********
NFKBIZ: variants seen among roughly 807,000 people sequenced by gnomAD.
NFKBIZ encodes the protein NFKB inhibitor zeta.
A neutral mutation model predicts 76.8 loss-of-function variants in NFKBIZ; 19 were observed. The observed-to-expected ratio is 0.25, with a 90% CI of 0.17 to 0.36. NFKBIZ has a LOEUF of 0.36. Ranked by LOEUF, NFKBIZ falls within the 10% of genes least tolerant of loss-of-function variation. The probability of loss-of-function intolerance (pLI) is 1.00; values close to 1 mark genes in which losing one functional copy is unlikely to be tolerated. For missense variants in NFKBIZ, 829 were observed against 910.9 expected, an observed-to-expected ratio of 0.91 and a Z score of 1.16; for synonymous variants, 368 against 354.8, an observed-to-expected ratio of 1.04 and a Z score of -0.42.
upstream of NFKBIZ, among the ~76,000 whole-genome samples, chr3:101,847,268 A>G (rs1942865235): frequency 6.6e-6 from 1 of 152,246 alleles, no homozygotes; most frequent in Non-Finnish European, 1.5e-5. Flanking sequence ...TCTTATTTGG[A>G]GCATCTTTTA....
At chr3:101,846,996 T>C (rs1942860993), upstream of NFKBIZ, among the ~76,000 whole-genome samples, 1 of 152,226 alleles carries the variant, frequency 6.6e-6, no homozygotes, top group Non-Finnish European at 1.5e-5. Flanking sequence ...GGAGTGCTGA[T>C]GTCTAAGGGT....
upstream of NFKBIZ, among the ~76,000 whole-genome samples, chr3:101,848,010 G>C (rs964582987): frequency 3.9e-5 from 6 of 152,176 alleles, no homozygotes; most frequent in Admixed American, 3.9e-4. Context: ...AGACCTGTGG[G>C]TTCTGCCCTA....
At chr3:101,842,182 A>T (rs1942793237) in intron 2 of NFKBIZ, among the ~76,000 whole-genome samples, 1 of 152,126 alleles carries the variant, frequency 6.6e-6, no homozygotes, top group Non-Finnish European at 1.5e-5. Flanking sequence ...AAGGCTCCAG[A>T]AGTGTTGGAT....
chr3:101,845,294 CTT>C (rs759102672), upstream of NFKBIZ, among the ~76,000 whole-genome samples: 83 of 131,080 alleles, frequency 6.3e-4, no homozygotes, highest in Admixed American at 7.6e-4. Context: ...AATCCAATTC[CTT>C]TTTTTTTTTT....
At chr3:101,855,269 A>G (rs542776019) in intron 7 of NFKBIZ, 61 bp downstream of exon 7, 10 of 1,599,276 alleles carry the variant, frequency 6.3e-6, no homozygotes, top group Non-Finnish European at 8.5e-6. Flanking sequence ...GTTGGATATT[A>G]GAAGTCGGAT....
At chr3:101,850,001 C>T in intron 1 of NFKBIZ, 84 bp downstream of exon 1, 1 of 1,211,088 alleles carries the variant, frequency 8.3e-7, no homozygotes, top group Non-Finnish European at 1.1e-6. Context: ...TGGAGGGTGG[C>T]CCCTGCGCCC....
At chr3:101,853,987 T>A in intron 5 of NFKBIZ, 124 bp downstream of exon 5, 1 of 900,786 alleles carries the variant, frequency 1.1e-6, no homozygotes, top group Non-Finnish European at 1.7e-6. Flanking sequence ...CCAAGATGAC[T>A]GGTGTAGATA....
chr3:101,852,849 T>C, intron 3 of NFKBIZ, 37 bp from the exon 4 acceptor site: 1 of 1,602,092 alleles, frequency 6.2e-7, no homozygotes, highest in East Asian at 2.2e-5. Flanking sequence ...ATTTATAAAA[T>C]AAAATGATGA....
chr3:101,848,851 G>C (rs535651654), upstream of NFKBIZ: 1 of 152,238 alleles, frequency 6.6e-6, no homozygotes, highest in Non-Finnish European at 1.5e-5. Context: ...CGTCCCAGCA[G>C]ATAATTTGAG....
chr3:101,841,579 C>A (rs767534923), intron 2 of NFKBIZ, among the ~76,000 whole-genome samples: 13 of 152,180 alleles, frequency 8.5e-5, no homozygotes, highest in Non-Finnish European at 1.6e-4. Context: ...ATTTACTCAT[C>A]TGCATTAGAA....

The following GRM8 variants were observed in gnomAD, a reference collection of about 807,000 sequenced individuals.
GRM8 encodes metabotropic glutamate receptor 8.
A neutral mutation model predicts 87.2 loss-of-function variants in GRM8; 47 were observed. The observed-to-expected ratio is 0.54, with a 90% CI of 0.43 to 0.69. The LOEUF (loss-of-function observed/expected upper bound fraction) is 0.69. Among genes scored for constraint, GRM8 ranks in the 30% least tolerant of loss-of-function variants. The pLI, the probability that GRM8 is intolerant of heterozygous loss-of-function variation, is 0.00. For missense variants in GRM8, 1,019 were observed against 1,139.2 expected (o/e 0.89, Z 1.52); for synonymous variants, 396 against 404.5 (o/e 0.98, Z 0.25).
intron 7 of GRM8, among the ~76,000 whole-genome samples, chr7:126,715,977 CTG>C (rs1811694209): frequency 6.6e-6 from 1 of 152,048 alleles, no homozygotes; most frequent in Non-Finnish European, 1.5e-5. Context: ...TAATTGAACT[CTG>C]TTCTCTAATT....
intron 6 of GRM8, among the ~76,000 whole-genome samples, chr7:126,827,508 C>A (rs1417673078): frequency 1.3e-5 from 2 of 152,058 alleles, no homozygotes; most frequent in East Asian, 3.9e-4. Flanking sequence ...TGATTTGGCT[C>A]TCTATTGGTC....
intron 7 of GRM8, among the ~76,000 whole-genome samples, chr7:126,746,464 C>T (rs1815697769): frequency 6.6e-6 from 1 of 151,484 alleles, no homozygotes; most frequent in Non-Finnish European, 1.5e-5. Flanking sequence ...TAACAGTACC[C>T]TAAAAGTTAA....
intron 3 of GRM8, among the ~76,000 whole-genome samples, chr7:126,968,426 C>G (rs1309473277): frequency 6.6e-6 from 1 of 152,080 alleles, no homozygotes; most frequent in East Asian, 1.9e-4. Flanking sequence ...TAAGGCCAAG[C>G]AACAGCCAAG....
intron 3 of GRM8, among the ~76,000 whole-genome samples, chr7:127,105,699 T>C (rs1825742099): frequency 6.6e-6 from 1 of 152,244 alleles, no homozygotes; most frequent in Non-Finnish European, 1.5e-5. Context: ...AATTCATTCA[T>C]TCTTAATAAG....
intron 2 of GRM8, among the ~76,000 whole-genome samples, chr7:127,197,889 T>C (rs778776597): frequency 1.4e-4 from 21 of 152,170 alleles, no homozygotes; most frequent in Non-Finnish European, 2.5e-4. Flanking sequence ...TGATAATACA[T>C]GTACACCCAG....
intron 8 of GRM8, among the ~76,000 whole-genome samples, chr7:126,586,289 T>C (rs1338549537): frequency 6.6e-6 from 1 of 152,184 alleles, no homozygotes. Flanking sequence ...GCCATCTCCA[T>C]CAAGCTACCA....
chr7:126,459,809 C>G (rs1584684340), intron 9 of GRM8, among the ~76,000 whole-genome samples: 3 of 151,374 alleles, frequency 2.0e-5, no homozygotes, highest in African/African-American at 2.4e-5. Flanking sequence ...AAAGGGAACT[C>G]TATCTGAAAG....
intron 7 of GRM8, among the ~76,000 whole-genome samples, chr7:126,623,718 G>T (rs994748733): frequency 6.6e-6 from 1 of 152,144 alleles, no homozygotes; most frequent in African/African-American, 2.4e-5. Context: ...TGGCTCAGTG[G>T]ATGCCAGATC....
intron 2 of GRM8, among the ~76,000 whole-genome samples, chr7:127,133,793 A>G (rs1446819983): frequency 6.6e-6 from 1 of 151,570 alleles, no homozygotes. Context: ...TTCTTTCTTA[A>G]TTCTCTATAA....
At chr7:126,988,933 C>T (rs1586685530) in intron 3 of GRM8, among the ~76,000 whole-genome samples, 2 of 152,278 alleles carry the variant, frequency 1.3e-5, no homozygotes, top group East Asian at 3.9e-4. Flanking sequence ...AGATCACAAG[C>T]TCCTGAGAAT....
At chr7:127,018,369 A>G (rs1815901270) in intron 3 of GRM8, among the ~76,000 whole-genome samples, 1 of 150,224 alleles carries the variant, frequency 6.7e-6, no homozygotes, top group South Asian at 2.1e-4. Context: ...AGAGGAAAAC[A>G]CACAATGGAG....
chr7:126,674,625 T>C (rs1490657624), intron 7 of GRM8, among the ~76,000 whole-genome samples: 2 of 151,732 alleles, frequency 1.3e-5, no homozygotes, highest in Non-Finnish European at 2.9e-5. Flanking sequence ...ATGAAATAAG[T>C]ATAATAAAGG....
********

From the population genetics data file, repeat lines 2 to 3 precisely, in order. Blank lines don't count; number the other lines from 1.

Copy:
NFKBIZ encodes the protein NFKB inhibitor zeta.
A neutral mutation model predicts 76.8 loss-of-function variants in NFKBIZ; 19 were observed. The observed-to-expected ratio is 0.25, with a 90% CI of 0.17 to 0.36. NFKBIZ has a LOEUF of 0.36. Ranked by LOEUF, NFKBIZ falls within the 10% of genes least tolerant of loss-of-function variation. The probability of loss-of-function intolerance (pLI) is 1.00; values close to 1 mark genes in which losing one functional copy is unlikely to be tolerated. For missense variants in NFKBIZ, 829 were observed against 910.9 expected, an observed-to-expected ratio of 0.91 and a Z score of 1.16; for synonymous variants, 368 against 354.8, an observed-to-expected ratio of 1.04 and a Z score of -0.42.